The business case for trust is indisputable. As the chart below shows, for the past eleven years our Trust 200 Index, a diversified mix of the most trustworthy public companies has handsomely rewarded those who chose trust as a strategic imperative. This includes business leaders and their stakeholders, and also investors. Yet we seem to be stuck in a trust free fall across most societal institutions. Why is that?
It’s certainly not due to lack of interest in the subject of trust nor a shortage of those attempting to monetize trust. In fact, 2022 may have been a banner year for new trust initiatives. Many of the large advisory firms have boarded the trust train, yet their initiatives continue to skirt the two key challenges of trust building. What are they?
The Leadership Challenge
Trust is not a soft skill: Most leaders remain risk focused never considering trust until a crisis. Do you know why?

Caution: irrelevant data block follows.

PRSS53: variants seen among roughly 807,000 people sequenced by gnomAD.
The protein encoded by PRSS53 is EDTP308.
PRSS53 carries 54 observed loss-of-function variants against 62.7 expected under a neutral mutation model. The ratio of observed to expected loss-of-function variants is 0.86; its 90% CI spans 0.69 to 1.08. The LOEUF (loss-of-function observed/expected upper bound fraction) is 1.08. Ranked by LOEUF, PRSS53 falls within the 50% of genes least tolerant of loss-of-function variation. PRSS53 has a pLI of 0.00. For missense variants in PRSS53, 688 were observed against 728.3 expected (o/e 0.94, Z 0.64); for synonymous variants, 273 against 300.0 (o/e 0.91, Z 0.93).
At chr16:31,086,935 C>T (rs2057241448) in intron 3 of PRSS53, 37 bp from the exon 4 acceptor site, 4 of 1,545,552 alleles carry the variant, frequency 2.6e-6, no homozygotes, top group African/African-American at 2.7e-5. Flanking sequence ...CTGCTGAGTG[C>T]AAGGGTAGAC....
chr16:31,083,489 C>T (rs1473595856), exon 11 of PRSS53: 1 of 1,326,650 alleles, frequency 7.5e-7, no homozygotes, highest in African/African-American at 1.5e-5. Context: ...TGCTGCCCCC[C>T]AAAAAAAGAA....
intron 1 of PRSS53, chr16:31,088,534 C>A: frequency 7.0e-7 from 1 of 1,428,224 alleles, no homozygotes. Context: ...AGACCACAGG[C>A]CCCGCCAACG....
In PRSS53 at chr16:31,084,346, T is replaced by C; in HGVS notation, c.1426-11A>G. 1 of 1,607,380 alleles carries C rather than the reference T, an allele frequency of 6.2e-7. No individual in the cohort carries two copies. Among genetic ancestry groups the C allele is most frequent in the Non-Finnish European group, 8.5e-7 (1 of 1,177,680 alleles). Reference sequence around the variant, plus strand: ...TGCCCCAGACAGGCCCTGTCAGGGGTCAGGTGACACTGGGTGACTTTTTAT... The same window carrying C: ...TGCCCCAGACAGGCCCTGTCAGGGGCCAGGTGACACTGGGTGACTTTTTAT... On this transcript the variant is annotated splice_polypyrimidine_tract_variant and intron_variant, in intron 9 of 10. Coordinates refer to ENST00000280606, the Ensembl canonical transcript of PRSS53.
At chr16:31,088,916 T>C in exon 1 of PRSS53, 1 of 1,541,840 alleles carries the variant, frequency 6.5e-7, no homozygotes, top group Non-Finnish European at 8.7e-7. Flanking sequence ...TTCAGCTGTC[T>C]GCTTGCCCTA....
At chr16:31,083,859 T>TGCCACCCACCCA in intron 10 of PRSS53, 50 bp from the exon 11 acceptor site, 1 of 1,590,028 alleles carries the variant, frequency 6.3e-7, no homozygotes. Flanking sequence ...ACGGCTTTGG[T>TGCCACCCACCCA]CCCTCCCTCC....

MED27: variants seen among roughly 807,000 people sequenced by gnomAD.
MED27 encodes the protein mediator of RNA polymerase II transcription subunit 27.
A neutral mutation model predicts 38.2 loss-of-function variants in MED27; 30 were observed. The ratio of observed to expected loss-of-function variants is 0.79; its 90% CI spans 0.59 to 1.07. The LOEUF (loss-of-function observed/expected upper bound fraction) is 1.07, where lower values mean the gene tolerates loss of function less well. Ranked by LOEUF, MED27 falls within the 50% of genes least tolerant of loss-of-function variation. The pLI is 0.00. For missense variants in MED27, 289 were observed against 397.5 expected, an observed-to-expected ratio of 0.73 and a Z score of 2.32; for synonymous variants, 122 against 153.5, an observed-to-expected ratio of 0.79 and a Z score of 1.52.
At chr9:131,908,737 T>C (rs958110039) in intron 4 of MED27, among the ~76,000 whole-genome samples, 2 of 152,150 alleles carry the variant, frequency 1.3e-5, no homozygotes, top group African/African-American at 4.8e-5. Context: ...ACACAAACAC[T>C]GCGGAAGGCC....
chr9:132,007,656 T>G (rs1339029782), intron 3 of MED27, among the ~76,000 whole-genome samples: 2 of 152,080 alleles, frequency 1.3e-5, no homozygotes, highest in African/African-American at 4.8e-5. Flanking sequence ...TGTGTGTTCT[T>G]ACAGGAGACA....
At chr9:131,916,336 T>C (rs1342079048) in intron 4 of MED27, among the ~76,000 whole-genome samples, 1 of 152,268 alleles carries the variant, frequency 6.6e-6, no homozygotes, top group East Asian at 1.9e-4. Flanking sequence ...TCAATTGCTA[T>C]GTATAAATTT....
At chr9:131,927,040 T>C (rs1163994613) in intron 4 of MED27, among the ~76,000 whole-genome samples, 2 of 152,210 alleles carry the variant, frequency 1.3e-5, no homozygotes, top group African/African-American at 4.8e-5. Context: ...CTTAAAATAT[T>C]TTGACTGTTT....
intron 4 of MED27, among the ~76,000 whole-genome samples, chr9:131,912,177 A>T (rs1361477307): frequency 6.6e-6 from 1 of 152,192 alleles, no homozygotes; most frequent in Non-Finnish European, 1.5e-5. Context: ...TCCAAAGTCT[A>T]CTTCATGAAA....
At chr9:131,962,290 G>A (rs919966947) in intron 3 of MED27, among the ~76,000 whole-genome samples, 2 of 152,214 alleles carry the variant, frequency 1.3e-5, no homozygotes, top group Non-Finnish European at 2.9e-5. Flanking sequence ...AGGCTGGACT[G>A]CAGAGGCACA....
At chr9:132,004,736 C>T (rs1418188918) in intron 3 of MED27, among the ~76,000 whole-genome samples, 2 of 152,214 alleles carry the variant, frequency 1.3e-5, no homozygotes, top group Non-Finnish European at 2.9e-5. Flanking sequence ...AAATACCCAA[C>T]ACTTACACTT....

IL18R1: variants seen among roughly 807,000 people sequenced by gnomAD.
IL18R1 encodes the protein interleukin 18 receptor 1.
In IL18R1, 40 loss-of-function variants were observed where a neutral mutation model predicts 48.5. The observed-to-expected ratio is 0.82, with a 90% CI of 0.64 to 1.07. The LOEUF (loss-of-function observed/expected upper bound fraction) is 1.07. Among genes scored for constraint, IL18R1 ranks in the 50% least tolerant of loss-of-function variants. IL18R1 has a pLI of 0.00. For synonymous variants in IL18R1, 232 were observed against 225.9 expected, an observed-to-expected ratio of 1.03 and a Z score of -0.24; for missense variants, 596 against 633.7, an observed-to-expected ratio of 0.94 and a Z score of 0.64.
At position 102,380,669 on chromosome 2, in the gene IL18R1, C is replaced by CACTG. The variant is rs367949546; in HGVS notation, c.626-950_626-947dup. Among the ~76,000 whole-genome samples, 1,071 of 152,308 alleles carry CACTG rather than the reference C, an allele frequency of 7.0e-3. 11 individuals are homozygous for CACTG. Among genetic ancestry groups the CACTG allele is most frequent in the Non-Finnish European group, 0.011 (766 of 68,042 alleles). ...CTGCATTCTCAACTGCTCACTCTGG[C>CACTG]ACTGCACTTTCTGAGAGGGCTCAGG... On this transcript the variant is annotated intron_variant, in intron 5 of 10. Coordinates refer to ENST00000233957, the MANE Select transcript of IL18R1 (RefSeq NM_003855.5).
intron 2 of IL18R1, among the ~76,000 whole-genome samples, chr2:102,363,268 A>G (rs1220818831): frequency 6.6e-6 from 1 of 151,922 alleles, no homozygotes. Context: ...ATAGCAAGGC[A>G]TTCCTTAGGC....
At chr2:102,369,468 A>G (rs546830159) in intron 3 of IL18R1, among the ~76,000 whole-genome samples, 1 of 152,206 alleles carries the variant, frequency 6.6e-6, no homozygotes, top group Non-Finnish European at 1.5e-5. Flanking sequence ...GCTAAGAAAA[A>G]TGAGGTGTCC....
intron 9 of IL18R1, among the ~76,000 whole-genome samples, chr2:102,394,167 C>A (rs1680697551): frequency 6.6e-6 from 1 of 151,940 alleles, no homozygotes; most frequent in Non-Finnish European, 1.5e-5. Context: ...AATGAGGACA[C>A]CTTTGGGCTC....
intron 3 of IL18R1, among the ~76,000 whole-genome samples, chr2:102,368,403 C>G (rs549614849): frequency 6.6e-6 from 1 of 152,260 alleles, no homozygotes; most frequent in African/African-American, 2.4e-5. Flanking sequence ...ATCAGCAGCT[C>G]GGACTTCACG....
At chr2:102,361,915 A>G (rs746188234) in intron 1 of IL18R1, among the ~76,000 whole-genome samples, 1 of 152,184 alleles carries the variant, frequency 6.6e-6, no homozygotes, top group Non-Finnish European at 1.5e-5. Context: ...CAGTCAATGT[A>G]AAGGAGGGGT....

- They have never thought about the role trust plays in organizational success.
- They have been taught to always defer to legal and compliance, who have no trust or other mistakenly termed “soft skill” expertise.
- They would rather not think about the long term reputation costs associated with a crisis until they are faced with one.
Leaders must own trust: Until leaders are encouraged to acknowledge that the trust “buck” stops on their desk, any and every trust workaround initiative will fail over time. In the short term these programs may provide some good publicity opportunities but they are not sustainable.
Trust requires cleaning your own house first: In every organization trust is built from the inside out, over time and in incremental steps, and it must always begin with trustworthy leaders. “Talking” trust and acting on it are not the same. In fact, when a leader is seen talking trust, think about whether his/her every day actions match their words. In almost every case they do not.
The fix: It begins with leadership acknowledgement of trust as an organizational imperative, an enormous hurdle, followed by identification of the internal behaviors that are weakening trust, and finally by the willingness to allocate resources to mend the behavioral breaks.